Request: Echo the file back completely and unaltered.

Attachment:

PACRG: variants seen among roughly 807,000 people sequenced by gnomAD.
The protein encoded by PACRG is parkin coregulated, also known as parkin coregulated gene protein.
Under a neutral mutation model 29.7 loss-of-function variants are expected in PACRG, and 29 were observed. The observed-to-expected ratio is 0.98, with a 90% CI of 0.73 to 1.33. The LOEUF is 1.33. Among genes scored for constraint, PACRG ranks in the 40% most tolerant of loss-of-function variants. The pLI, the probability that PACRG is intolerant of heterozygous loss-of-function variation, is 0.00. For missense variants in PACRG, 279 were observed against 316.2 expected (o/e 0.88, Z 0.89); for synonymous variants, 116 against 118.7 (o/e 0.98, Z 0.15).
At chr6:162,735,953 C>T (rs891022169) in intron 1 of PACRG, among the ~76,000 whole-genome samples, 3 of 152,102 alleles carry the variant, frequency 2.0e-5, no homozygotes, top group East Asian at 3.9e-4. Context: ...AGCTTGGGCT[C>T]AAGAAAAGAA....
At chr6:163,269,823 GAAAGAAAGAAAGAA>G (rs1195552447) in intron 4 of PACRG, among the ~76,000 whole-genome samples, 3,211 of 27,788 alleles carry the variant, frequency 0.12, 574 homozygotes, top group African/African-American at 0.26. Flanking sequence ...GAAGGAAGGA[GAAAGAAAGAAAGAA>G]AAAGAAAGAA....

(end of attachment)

PACRG: variants seen among roughly 807,000 people sequenced by gnomAD.
The protein encoded by PACRG is parkin coregulated, also known as parkin coregulated gene protein.
Under a neutral mutation model 29.7 loss-of-function variants are expected in PACRG, and 29 were observed. The observed-to-expected ratio is 0.98, with a 90% CI of 0.73 to 1.33. The LOEUF is 1.33. Among genes scored for constraint, PACRG ranks in the 40% most tolerant of loss-of-function variants. The pLI, the probability that PACRG is intolerant of heterozygous loss-of-function variation, is 0.00. For missense variants in PACRG, 279 were observed against 316.2 expected (o/e 0.88, Z 0.89); for synonymous variants, 116 against 118.7 (o/e 0.98, Z 0.15).
At chr6:162,735,953 C>T (rs891022169) in intron 1 of PACRG, among the ~76,000 whole-genome samples, 3 of 152,102 alleles carry the variant, frequency 2.0e-5, no homozygotes, top group East Asian at 3.9e-4. Context: ...AGCTTGGGCT[C>T]AAGAAAAGAA....
At chr6:163,269,823 GAAAGAAAGAAAGAA>G (rs1195552447) in intron 4 of PACRG, among the ~76,000 whole-genome samples, 3,211 of 27,788 alleles carry the variant, frequency 0.12, 574 homozygotes, top group African/African-American at 0.26. Flanking sequence ...GAAGGAAGGA[GAAAGAAAGAAAGAA>G]AAAGAAAGAA....